Housing for a socio-ecological transformation

Published 18 januari, 2021

Riccardo Mastini

Policy Advisor for the international campaign Green New Deal for Europe

In his contribution to Urban Readings, Riccardo Mastini, PhD candidate at the Autonomous University of Barcelona, and policy advisor for the international campaign for the Green New Deal for Europe, discusses how issues around access to affordable healthcare and housing fit into visions for a Green New Deal.

The Green New Deal discourse 

One of the flagship proposals of the Green New Deal discourse—embraced over the last couple of years by climate justice movements and progressive politicians on both sides of the Atlantic—is to create green jobs by rolling out a massive program of public housing retrofit to slash carbon emissions from domestic heating systems. Just to put these claims into perspective, in the United States a ten-year mobilization of up to $172 billion would retrofit over 1 million public housing units, vastly improving the living conditions of nearly 2 million residents, and creating over 240,000 jobs per year. These green retrofits would cut 5.6 million tons of annual carbon emissions—the equivalent of taking 1.2 million cars off the road. This proposal—enshrined in the Green New Deal for Public Housing Act championed by Representative Alexandria Ocasio-Cortez and Senator Bernie Sanders—is estimated to create the bulk of green jobs in Republican states, effectively creating an appeal for conservative voters to support a Green New Deal.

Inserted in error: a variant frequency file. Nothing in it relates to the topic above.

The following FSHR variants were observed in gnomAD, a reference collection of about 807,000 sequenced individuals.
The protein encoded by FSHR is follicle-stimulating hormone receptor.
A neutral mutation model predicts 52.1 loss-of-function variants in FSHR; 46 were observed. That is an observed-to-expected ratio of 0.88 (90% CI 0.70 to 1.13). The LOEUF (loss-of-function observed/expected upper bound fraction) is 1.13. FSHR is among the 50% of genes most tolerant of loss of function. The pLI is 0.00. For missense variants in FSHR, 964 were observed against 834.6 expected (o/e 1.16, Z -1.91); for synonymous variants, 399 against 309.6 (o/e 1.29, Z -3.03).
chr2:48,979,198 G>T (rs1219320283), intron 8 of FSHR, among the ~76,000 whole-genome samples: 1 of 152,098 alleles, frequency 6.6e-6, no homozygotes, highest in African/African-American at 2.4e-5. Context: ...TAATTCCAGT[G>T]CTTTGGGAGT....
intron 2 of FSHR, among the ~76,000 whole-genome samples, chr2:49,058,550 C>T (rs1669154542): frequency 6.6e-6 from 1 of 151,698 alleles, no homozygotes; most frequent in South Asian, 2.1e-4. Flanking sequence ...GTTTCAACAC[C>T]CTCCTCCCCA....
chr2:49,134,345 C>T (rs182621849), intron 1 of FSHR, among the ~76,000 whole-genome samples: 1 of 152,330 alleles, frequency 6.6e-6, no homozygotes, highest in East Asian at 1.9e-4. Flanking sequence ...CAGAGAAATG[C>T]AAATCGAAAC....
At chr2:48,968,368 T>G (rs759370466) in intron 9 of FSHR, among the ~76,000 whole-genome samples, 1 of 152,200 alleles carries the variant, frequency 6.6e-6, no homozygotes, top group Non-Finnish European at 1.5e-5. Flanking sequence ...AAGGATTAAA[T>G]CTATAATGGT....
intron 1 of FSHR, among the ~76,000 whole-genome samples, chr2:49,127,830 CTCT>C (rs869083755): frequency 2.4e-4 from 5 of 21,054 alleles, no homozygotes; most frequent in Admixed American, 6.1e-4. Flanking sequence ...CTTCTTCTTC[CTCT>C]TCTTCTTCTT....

Photo by Markus Spiske on Unsplash

Such strategy—which we may define as ‘red-green populism’—sits well with the political discourse of the Green New Deal that aims to integrate working-class nostalgia with the urgency of remaking the economy to fight the climate crisis. The positive benefits for job creation arise from the fact that public housing retrofit—just like installing and maintaining renewable energy power plants, agroecology, land restoration, etc.—entails work that cannot be either automated or outsourced. After all, for the climate justice movement to expand the appeal of the green transition beyond the professional class and establish a working-class base for itself, it cannot place the emphasis only on knowledge of the science (polarizing between belief or denial). It has to mobilize around environmentally beneficial policies that appeal to the material interests of the vast majority of the working class mired in job insecurity. This is why the Green New Deal discourse is predicated upon three tenets: decarbonization shall be:

  1. planned (public ownership of essential infrastructures and public investments);